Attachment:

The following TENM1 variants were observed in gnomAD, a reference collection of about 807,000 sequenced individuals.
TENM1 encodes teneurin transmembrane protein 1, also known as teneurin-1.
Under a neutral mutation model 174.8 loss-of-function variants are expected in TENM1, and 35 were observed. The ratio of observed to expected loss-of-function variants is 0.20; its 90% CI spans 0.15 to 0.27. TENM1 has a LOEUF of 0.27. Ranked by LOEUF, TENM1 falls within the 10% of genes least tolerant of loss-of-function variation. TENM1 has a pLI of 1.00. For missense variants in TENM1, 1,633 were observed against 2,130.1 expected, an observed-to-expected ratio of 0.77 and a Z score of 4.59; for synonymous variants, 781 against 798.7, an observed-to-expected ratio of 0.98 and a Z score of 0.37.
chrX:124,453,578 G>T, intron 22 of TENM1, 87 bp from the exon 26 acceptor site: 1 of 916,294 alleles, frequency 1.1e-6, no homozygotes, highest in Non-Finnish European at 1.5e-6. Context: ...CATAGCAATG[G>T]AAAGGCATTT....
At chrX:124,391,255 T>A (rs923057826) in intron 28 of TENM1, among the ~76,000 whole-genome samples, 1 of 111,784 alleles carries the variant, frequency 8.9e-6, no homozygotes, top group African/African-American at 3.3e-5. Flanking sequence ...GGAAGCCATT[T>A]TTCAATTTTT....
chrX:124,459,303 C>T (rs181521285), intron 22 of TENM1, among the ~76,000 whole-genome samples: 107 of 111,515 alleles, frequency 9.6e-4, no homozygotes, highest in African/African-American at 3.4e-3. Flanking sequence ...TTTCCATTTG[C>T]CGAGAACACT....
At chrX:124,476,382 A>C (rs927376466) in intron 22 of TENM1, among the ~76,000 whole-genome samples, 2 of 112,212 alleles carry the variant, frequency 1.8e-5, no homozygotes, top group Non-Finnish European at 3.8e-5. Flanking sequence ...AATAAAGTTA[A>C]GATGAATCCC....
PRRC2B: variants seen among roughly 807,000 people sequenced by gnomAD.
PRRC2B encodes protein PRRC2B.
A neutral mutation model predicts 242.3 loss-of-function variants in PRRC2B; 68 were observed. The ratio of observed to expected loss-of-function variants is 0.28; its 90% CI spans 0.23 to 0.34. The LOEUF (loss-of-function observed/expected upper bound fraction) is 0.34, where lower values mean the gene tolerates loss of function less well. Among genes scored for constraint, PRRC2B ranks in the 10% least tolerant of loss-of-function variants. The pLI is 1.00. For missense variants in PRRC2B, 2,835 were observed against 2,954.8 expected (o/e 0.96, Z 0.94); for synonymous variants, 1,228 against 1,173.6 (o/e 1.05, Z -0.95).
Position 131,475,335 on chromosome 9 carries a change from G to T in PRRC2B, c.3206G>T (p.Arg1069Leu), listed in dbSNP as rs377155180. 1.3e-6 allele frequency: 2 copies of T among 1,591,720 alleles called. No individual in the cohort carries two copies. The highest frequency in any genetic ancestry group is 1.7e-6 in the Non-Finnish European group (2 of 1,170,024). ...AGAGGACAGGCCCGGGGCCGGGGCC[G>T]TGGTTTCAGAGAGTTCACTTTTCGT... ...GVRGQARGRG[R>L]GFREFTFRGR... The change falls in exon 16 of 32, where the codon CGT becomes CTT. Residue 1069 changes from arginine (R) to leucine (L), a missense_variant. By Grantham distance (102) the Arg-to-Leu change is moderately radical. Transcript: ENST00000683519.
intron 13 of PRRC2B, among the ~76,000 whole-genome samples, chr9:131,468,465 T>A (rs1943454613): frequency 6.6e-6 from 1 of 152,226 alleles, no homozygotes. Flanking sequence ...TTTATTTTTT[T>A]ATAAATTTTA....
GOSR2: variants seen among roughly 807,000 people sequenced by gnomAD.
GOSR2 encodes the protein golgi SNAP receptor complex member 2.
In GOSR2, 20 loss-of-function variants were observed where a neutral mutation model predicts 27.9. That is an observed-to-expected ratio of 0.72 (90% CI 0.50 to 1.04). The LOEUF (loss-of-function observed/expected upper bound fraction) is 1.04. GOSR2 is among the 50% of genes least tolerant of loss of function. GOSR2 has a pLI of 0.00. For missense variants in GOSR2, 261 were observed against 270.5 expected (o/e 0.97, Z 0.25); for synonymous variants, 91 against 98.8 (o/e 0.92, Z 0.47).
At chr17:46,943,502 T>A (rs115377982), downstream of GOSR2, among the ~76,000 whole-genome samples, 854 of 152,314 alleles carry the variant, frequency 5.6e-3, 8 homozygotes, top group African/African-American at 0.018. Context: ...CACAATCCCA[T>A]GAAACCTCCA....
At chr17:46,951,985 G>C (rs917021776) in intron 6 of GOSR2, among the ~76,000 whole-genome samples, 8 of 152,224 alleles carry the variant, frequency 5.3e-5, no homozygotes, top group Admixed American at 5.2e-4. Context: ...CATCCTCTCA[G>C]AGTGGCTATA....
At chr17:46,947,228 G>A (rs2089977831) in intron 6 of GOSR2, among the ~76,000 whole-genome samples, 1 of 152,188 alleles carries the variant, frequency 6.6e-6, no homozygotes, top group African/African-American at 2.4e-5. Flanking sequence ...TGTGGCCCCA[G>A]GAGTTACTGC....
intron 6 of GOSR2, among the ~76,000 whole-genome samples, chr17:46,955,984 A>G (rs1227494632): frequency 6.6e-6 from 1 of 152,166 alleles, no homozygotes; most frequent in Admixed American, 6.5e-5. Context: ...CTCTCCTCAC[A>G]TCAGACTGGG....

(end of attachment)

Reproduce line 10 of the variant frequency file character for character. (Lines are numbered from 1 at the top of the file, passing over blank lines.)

A neutral mutation model predicts 242.3 loss-of-function variants in PRRC2B; 68 were observed. The ratio of observed to expected loss-of-function variants is 0.28; its 90% CI spans 0.23 to 0.34. The LOEUF (loss-of-function observed/expected upper bound fraction) is 0.34, where lower values mean the gene tolerates loss of function less well. Among genes scored for constraint, PRRC2B ranks in the 10% least tolerant of loss-of-function variants. The pLI is 1.00. For missense variants in PRRC2B, 2,835 were observed against 2,954.8 expected (o/e 0.96, Z 0.94); for synonymous variants, 1,228 against 1,173.6 (o/e 1.05, Z -0.95).